Posted by: Scott | December 30, 2011

This so-called Reality

I had a strange dream the other night. That I had a strange dream is not unusual – nearly all my dreams are strange or surreal in some way – it’s just that on this occasion I made a conscious effort to remember what was unusual about it.

I’ll quickly summarize the plot: I need to retrieve binders from two different places and insert something into them, like a photograph or a news clipping. What’s unusual here is that at each place I go to I meet someone who in my real life I’m familiar with. I know what they look like, and what their voice sounds like, and yet in the dream they look and sound somewhat different, taking on characteristics that belong to other people I know. At the first place in particular, I meet and recognize a woman whose face and voice I know really well. I’ll call her “Paula” (not her real name). At least she looks and sounds like the Paula that I’m familiar with. But here’s the thing: Paula also looks and sounds like “Jane” (not her real name either), my philosophy professor from my community college, who, incidentally, looks and sounds like what an older version of Paula might look like. However, Paula in my dream also reminds me of an unrequited crush I pined after in high school. An unrequited crush who looked neither like Paula nor like Jane! Confused? Read on; I’ll (hopefully) make sense by the end of this post.

That I found or find each of these women attractive is not the point. I’m not looking for an analysis of my notions of potential mates. The reason I bring this up is that in dreams (or at least in my dreams), no person or place, however familiar, looks exactly as they do in real life. The woman I meet in my dream I identify as “Paula”. And yet Paula is also “Jane” the philosophy prof, and she is also that unrequited crush from high school!

And it isn’t just people I dream of this way, but buildings and streetscapes, too. Places and things I’ve known all my life I recognize in my dreams as familiar, even when in those dreams they look wildly different, taking on characteristics they’ve never had. Am I projecting some personal notion of what may be with ‘reality’? I guess that’s possible with places or things, but with people, too? And why do the details change, when I know exactly how these people and things appear in ‘real life’?

Surely, I can’t be the only person who dreams like this!

You’ve probably noticed the single quotes I’ve put around ‘reality’ and ‘real life’. That’s because I’ve started to wonder if my dream-distorted perception of reality might also be how an impressionist painter, for instance, sees the world on a regular basis. (And no, I don’t paint, or sculpt, or make music.) In a movie that I remember, one character describes impressionism to another:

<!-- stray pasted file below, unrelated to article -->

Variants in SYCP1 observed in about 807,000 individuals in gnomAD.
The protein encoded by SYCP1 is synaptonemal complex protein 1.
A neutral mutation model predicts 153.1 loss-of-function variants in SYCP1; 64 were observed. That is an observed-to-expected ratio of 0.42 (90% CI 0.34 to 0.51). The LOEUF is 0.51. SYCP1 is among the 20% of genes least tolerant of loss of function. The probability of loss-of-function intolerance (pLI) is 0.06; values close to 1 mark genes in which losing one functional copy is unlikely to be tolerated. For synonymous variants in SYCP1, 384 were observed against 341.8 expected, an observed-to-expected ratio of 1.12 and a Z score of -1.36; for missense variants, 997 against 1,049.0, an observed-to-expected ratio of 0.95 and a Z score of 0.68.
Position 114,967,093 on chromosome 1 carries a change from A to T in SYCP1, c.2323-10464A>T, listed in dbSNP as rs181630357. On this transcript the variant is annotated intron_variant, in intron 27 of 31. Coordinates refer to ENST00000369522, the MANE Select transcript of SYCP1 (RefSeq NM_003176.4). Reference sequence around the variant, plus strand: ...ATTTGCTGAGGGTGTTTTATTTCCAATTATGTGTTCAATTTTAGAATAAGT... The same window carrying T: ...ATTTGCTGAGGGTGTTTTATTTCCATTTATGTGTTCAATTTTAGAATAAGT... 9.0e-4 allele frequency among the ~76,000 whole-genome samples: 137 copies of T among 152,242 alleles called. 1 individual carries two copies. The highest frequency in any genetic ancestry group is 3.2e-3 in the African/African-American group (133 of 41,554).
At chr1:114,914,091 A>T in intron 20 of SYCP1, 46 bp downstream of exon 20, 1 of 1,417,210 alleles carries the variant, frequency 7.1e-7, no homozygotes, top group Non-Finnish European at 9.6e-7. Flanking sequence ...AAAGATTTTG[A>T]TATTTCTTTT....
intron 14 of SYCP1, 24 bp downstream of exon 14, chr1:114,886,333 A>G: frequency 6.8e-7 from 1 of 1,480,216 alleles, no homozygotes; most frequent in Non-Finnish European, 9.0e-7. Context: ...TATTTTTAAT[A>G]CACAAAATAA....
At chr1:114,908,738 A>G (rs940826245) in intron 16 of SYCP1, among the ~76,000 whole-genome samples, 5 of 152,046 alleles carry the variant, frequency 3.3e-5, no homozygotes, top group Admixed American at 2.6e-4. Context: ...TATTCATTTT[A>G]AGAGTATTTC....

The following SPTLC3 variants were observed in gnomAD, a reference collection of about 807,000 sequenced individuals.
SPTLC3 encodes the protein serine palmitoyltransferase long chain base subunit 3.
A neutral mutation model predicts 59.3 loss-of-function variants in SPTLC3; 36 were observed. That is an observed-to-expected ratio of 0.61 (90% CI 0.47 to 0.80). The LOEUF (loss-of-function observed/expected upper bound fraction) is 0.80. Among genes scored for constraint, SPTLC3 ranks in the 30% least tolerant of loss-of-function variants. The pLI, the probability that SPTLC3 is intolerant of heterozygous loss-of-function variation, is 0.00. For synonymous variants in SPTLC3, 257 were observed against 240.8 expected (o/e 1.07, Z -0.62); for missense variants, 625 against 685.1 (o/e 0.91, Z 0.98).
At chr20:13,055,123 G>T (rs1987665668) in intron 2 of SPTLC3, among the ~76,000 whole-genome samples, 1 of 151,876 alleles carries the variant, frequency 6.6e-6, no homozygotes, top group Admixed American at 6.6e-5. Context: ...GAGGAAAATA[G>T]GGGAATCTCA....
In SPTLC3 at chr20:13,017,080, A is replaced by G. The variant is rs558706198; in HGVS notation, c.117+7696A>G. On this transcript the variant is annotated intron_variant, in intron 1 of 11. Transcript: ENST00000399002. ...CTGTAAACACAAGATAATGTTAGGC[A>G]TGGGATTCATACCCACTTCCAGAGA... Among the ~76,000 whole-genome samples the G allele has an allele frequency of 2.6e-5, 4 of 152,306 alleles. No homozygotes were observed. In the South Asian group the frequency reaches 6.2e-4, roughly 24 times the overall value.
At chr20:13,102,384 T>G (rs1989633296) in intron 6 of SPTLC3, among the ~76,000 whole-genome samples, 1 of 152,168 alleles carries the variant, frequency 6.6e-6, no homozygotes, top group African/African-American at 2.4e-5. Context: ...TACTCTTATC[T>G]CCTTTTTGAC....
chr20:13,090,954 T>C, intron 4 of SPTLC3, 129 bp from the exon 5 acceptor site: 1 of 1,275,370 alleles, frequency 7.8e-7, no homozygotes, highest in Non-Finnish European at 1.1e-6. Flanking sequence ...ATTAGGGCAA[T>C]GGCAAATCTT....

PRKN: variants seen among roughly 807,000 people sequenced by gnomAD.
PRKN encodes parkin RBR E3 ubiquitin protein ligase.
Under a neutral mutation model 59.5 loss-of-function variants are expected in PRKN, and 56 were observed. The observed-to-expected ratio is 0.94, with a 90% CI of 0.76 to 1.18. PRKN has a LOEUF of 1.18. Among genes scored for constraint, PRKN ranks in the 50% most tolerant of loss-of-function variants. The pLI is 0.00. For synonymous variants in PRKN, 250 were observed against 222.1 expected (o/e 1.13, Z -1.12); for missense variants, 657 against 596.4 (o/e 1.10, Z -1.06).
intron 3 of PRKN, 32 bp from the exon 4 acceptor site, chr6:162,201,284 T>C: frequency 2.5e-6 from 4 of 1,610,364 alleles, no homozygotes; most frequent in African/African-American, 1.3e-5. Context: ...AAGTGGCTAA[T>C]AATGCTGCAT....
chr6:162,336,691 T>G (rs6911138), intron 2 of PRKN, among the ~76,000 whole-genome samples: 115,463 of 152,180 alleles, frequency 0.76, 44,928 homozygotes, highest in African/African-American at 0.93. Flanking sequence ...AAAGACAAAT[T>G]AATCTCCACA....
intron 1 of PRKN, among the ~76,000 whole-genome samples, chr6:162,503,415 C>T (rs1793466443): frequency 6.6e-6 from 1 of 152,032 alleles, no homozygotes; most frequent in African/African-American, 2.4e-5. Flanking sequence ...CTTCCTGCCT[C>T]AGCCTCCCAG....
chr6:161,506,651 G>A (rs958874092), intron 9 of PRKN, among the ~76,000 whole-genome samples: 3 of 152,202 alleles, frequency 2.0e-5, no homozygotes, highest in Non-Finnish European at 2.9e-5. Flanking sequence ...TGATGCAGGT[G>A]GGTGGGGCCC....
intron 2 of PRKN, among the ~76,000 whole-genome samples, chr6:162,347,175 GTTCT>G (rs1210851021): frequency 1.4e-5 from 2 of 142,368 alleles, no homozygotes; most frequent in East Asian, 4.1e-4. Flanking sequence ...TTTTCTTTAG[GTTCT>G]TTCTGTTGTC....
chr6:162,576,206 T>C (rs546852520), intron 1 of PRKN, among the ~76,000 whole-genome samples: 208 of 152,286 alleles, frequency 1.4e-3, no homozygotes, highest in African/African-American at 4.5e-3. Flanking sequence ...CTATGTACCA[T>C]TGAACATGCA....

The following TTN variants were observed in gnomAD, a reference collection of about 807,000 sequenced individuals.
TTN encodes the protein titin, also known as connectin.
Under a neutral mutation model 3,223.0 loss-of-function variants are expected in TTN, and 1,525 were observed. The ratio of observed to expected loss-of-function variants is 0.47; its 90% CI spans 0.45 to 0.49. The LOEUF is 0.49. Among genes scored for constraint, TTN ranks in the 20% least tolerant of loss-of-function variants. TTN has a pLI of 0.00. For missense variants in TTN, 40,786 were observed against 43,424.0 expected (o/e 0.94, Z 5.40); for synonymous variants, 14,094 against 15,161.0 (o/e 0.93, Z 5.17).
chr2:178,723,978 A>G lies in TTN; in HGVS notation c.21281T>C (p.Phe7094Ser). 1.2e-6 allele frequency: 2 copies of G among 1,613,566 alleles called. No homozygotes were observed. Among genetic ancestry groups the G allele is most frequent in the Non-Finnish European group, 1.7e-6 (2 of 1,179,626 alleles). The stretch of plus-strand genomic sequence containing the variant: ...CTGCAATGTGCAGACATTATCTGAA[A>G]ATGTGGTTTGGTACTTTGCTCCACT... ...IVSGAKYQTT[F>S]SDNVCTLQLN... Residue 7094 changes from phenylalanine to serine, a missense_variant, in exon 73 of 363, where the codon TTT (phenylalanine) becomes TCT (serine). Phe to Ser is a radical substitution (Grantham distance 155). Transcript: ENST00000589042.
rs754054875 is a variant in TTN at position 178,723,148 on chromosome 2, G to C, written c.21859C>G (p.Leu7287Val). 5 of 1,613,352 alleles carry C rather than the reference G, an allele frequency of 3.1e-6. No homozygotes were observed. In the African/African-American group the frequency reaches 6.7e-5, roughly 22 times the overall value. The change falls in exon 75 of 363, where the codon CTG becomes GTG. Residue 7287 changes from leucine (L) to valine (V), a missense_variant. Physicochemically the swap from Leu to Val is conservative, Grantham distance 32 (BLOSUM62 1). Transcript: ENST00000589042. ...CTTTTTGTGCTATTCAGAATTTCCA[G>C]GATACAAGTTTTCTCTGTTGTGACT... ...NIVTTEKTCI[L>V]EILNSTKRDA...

“It’s not about how you see the world. It’s how the artist sees it.”

Perhaps artists perceive multiple expressions of ‘reality’. Maybe they live with a kind of doorway in their brains to a parallel universe – one just as real as ours – where what would appear to the rest of us to be a distorted expression of reality is in fact the reality: our world, as it actually exists in that parallel universe. One where our notion of the colour ‘blue’, for instance, is to that other universe its notion of ‘red’, or ‘green’. Crazy? Well…

Recently, a special series of “Nova” episodes on PBS have focused on how our present, established notions of time and space are being challenged by new scientific discoveries. Physicists are starting to wonder if maybe time – past, present and future as we think we know it – is merely an illusion to compensate in our brains for otherwise simultaneous events. And that maybe our universe is only one of many, where other possible expressions of our ‘reality’ exist. Science fiction writers have posited these notions for decades, and maybe their hunches were right all along!

And so from my dream arise the following questions: could this alternative-universe expression of our ‘reality’ be the reservoir from which the Picasso’s, Godin’s, Bradbury’s, Verne’s and Rowling’s of the world draw their inspiration? What kinds of higher lessons about our ‘reality’ could be learned from looking through an artist’s doorway into that other ‘reality’? And perhaps most importantly, how do you test a hypothesis like this?

I just love it when my dreams cause me to have mind-fucks like this!

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Responses

  1. Maybe your ‘mind-fuck’, as you call it, has a merely terrestrial source. As in, what did you eat/drink/inhale the night before your dream?


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